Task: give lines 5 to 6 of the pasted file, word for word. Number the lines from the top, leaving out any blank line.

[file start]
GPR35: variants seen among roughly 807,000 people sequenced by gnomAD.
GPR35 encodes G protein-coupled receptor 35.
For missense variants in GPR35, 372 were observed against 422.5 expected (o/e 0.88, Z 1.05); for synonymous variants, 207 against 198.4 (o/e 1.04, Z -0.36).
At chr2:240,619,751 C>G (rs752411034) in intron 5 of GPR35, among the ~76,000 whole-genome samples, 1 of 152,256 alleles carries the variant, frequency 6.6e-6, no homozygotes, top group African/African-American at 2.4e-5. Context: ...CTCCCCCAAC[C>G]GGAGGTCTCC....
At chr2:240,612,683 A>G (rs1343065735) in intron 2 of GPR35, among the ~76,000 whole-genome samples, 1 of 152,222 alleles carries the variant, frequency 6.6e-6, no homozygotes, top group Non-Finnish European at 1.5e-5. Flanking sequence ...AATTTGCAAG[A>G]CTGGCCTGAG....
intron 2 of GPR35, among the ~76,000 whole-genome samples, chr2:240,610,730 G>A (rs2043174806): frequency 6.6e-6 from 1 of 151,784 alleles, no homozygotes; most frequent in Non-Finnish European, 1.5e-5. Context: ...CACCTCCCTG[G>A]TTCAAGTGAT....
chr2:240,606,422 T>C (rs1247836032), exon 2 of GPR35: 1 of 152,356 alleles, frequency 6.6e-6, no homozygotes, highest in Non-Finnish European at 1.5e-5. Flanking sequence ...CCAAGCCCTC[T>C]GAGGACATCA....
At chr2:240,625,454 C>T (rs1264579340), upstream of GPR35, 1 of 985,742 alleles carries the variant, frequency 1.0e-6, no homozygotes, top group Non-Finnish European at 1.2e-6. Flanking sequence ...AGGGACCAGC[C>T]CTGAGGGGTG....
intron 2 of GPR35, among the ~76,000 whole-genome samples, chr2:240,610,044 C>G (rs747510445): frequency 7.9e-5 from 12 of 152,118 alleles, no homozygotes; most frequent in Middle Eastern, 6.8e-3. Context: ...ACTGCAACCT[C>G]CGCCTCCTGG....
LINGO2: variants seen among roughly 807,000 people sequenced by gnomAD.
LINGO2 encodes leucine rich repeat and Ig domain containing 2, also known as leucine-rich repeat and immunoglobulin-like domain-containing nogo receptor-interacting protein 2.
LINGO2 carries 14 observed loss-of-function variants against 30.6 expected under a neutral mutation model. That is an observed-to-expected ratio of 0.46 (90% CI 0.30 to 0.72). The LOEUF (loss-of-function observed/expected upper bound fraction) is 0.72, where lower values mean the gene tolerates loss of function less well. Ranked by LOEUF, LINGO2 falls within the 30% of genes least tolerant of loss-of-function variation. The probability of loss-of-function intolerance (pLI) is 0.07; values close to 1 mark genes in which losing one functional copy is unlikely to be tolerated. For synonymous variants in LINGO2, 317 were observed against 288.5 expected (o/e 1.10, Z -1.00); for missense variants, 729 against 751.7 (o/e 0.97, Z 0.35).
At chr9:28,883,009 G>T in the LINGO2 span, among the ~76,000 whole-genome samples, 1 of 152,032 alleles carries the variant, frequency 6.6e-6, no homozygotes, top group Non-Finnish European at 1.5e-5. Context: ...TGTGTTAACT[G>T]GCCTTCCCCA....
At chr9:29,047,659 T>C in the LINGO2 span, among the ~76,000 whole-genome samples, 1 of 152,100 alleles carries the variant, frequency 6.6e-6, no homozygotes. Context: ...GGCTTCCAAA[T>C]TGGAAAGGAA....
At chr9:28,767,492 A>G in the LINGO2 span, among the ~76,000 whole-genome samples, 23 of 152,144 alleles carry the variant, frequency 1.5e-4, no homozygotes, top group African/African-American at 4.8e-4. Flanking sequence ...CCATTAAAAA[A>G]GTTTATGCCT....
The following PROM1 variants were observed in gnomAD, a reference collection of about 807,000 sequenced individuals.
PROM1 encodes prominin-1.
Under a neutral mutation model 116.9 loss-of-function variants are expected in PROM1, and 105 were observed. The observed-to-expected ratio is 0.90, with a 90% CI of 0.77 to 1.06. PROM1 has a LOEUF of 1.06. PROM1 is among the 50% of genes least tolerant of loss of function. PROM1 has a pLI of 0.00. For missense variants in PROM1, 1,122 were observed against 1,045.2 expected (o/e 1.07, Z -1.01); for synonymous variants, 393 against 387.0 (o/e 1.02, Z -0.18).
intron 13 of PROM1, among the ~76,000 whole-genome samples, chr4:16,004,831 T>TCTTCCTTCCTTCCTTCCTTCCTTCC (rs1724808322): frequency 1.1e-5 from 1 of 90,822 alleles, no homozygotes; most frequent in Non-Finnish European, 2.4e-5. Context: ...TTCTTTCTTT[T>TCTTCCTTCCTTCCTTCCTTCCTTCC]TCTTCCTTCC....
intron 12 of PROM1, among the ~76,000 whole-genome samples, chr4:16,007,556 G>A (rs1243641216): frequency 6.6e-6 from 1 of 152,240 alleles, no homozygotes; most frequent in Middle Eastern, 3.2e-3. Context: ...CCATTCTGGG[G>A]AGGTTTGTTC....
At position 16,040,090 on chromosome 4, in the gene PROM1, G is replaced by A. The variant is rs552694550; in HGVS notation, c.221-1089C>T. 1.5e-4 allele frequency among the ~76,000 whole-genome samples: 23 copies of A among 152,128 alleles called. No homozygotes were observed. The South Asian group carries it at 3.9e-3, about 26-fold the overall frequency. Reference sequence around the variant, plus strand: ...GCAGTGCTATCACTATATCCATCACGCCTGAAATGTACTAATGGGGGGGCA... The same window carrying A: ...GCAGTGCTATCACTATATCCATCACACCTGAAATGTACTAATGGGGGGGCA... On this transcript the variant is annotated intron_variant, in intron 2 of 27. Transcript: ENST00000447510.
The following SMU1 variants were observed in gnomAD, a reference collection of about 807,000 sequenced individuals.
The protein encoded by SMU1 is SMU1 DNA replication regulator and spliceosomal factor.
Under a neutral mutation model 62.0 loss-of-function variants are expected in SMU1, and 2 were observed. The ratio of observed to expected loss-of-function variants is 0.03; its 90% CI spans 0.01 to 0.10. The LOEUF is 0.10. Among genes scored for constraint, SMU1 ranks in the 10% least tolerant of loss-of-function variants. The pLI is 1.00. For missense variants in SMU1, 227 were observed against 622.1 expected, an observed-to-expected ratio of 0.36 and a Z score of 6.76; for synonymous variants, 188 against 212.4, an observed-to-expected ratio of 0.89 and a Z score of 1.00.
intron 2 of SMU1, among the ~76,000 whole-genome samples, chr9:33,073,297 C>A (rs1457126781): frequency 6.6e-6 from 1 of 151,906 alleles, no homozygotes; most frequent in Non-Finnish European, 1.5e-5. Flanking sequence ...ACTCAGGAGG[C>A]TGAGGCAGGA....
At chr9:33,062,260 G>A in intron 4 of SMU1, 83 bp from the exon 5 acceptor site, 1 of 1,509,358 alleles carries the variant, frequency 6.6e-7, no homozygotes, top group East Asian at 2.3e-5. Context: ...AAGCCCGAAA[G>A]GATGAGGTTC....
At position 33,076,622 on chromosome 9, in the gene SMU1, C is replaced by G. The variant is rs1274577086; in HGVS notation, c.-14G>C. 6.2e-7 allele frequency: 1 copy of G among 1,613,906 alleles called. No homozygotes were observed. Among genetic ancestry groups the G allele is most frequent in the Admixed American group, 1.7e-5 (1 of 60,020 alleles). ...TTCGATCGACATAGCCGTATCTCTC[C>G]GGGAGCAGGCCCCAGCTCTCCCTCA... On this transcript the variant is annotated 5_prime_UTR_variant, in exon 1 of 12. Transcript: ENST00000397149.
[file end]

At chr2:240,612,683 A>G (rs1343065735) in intron 2 of GPR35, among the ~76,000 whole-genome samples, 1 of 152,222 alleles carries the variant, frequency 6.6e-6, no homozygotes, top group Non-Finnish European at 1.5e-5. Flanking sequence ...AATTTGCAAG[A>G]CTGGCCTGAG....
intron 2 of GPR35, among the ~76,000 whole-genome samples, chr2:240,610,730 G>A (rs2043174806): frequency 6.6e-6 from 1 of 151,784 alleles, no homozygotes; most frequent in Non-Finnish European, 1.5e-5. Context: ...CACCTCCCTG[G>A]TTCAAGTGAT....